The Semperoper is one of Dresden’s most important attractions; had it had to stay closed, the entire city would have been affected.
A visit to the magnificent Semperoper is always a very special highlight - not only to see the beautiful building, which was originally opened as the Royal Court Theater, but also to enjoy the opera’s exceptional performance program.
classical music - andante - dresden's dim götterdämmerung (1203 words)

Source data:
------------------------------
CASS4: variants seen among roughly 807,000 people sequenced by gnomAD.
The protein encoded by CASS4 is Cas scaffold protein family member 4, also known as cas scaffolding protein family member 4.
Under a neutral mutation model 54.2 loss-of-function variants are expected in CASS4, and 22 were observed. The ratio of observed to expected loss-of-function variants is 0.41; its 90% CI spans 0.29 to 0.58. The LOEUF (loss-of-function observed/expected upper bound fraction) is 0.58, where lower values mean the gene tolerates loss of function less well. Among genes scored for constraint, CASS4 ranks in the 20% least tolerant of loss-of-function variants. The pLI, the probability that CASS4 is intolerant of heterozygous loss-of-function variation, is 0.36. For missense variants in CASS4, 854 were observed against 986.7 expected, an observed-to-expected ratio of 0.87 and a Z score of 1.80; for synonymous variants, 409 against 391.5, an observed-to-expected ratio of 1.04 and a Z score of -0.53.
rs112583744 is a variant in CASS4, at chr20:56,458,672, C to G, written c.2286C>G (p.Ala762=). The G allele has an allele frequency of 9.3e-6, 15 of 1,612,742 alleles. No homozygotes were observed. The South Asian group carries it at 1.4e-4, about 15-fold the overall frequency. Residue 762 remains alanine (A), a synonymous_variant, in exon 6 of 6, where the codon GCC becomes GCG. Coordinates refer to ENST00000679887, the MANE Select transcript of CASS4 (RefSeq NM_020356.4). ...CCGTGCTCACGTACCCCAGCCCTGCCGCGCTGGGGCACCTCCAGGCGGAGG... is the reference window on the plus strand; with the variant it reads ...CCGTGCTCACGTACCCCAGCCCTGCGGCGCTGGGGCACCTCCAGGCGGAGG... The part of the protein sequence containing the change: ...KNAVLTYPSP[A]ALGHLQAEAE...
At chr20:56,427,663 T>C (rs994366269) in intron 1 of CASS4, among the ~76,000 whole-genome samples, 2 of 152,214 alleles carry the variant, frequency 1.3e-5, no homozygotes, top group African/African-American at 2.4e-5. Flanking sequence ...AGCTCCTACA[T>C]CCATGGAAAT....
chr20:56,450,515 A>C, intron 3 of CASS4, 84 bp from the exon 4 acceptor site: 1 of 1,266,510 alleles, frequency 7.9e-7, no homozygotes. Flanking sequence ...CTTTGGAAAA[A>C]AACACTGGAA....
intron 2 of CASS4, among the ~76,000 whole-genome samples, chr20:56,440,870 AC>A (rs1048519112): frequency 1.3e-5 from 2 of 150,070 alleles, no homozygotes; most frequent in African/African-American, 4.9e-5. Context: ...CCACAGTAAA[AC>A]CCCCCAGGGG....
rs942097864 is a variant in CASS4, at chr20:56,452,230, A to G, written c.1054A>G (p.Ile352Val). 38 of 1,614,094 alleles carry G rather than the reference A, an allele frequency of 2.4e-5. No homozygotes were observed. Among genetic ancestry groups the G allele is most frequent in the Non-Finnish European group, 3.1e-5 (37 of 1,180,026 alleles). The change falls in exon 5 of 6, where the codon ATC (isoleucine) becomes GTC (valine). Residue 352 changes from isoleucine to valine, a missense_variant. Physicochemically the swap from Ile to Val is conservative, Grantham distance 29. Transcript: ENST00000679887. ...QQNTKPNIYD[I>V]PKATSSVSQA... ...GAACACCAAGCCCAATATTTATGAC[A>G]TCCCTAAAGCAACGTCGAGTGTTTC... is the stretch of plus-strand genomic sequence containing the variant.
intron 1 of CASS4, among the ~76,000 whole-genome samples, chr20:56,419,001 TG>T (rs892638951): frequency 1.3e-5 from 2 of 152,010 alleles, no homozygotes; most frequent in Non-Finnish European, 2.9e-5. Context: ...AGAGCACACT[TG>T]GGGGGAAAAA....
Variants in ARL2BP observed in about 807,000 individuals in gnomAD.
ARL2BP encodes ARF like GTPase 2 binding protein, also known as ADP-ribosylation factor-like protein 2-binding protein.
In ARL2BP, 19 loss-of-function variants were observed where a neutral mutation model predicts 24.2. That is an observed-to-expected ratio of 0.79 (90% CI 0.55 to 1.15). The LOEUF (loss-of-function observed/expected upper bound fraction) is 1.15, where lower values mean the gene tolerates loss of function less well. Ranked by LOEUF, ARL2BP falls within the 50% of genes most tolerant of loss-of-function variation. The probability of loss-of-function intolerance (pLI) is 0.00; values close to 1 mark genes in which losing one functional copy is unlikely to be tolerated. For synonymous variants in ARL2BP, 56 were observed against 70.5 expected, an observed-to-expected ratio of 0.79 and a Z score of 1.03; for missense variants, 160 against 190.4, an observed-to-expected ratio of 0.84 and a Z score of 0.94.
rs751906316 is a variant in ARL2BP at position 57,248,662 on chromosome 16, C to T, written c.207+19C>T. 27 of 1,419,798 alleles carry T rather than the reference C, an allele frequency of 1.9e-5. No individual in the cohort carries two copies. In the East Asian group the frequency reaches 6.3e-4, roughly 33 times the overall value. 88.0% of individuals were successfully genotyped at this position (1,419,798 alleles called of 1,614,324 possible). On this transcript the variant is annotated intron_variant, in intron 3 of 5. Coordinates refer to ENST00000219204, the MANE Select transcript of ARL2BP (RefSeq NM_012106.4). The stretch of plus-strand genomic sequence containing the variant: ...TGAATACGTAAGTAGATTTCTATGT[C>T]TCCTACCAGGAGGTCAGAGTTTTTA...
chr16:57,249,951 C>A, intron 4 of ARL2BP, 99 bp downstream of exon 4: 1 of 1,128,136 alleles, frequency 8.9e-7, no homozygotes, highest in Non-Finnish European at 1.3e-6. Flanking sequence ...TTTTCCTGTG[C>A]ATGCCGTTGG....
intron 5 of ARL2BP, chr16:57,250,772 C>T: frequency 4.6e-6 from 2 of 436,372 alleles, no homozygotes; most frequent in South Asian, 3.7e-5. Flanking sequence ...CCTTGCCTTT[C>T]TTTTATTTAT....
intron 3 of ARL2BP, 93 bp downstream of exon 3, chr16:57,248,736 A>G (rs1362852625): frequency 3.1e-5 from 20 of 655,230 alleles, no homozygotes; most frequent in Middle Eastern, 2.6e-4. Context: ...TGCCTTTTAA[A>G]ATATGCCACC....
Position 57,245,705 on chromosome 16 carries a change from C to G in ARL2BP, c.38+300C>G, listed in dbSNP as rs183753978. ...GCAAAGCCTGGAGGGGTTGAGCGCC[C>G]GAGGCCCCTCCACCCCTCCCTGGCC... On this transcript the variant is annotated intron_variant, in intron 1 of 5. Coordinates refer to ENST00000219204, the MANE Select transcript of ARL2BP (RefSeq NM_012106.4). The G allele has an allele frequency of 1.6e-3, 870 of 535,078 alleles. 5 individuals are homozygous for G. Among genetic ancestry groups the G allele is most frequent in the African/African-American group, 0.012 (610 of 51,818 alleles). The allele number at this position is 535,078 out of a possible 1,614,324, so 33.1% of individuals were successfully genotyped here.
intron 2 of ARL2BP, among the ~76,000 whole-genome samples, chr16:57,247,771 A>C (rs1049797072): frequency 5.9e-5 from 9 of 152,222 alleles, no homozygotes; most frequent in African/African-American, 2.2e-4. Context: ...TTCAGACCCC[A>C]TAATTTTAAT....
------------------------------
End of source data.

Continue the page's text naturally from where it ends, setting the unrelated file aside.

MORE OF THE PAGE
Occasional historical references — as in Act II, which had statues and models that might have been created by Arno Breker and Albert Speer, Hitler's favorite sculptor and architect —; were confusing and illogical, since Decker basically aimed at timelessness (though some of the costumes suggested the late 19th century).
When the Semperoper's curtain opened for the prologue to Götterdämmerung, it was no big surprise that we once again faced those wavy rows of seats.
Five hours later, when Brünnhilde was supposed to leap onto the funeral pyre, she instead took a seat in the onstage auditorium, where Wotan and the gods were awaiting her.
  More results at FactBites »